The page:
Taking it to the edge
Another emerging element discussed in the report was the topic of edge computing, with Ingram Micro Cloud suggesting that the edge computing market was set to increase at a compound annual growth rate (CAGR) of 34 per cent between 2021 and 2024.
For partners, there will be a need to expand service at the edge, according to the distributor, which suggested it would be crucial for partners to identify instances where edge computing can help resolve their customers’ existing network problems.
“At present, cloud struggles to support the data-intensive and low-latency requirements of emerging applications,” the report noted. “Alternatively, edge computing helps reduce latency issues that arise when handling large amounts of data.
“What’s more, those customers that invest in edge computing now will build out infrastructures that give them a head start on accommodating 5G,” it added.
Going forward, Ingram suggested, partners will have to look beyond public and hybrid cloud strategies to offer their customers content delivery networks (CDNs), telecommunications, colocation data centre edge fabrics and domain-specific converged edge infrastructure.
Here’s where the security play comes in, according to Ingram.
“As network perimeters expand outward, an organisation’s attack surface likewise broadens, and it’s here that partners will find a third area of critical importance to their efforts at equipping organisations for remote work,” the report said.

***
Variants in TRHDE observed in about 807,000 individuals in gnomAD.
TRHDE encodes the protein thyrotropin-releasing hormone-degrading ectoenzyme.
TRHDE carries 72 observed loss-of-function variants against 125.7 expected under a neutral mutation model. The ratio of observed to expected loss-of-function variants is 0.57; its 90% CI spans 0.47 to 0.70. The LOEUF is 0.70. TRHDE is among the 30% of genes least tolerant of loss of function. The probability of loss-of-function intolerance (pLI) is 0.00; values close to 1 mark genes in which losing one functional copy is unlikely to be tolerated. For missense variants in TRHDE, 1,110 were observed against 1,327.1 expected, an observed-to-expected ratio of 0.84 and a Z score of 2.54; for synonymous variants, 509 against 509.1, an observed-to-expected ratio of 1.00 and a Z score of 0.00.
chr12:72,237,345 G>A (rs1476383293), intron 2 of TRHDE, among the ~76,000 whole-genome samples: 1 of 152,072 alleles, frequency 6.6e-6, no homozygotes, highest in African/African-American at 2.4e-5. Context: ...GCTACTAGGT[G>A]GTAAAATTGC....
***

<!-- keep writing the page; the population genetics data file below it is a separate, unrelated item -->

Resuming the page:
Ingram suggested that organisations moving to hybrid cloud were struggling to meet security and compliance requirements, particularly as intrusion and attack incidents surge.
For channel partners, the issue becomes doubly complicated in that they are increasingly the targets of hackers, a trend that has been somewhat exemplified recently by the latest wave of supply chain attack activity by the Russian nation-state actor known as Nobelium.
In such an environment, partners are in a position to advise end customers on the adoption of more security measures such as multi-factor authentication (MFA), threat detection and response, security operations centre (SOC)-as-a-service, risk management, threat intelligence and backup and disaster recovery, for example.
It also means partners can define and execute their own response plan when hacked as well as investing in cyber security education for their own employees, the report suggested.
“Now and over the next few years, remote and hybrid work environments will generate new customer pain points and require innovative holistic, preventive solutions,” Ingram said, “The elite partners will be those capable of predicting changing customer needs with intelligently bundled solutions to power the work-from-home experience.”
The makings of a ‘modern’ MSP
Forming another pivotal part of the channel’s next chapter, according to the distributor, is the long-evolving chronicle of the IT service provider.
For the past two decades, two separate trends have recast the role of the service provider, the company claimed. The first of these is the evolution of a reseller’s role from simply shifting product into something much more complex, involving the implementation of holistic digital solutions made up of disparate tech vendor products and services.
The second trend, according to Ingram, is that over time, B2B buyers have come to expect the same excellent customer experiences enjoyed by B2C consumers.
“The result has been to push VARs ever closer toward the role of the MSP and to force MSPs to evolve beyond their function as the ‘IT guy,’” the report said.
With these trends in mind, Ingram pointed out that as COVID-19 has supercharged digital transformation and driven up cloud adoption, the opportunities brought on by the shift to remote workspaces have created an opening for MSPs and VARs to become “proactive change agents” and strategic partners for their customers.